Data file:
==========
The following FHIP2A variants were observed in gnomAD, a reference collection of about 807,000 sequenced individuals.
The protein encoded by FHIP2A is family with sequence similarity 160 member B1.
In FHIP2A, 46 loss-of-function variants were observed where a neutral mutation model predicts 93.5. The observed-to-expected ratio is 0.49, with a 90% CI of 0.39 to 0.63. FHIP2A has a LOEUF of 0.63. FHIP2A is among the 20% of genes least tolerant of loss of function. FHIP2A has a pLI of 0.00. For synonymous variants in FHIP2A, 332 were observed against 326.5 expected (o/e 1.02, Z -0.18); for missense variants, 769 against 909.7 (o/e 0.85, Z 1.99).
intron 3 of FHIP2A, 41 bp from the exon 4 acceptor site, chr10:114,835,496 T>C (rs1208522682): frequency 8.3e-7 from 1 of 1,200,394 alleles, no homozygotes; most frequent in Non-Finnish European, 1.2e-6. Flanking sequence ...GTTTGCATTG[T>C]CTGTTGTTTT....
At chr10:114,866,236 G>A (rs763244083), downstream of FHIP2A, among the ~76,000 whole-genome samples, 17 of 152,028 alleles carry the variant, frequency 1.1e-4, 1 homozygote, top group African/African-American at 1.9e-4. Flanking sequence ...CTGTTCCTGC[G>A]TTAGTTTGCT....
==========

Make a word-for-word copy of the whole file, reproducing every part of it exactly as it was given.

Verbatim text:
The following FHIP2A variants were observed in gnomAD, a reference collection of about 807,000 sequenced individuals.
The protein encoded by FHIP2A is family with sequence similarity 160 member B1.
In FHIP2A, 46 loss-of-function variants were observed where a neutral mutation model predicts 93.5. The observed-to-expected ratio is 0.49, with a 90% CI of 0.39 to 0.63. FHIP2A has a LOEUF of 0.63. FHIP2A is among the 20% of genes least tolerant of loss of function. FHIP2A has a pLI of 0.00. For synonymous variants in FHIP2A, 332 were observed against 326.5 expected (o/e 1.02, Z -0.18); for missense variants, 769 against 909.7 (o/e 0.85, Z 1.99).
intron 3 of FHIP2A, 41 bp from the exon 4 acceptor site, chr10:114,835,496 T>C (rs1208522682): frequency 8.3e-7 from 1 of 1,200,394 alleles, no homozygotes; most frequent in Non-Finnish European, 1.2e-6. Flanking sequence ...GTTTGCATTG[T>C]CTGTTGTTTT....
At chr10:114,866,236 G>A (rs763244083), downstream of FHIP2A, among the ~76,000 whole-genome samples, 17 of 152,028 alleles carry the variant, frequency 1.1e-4, 1 homozygote, top group African/African-American at 1.9e-4. Flanking sequence ...CTGTTCCTGC[G>A]TTAGTTTGCT....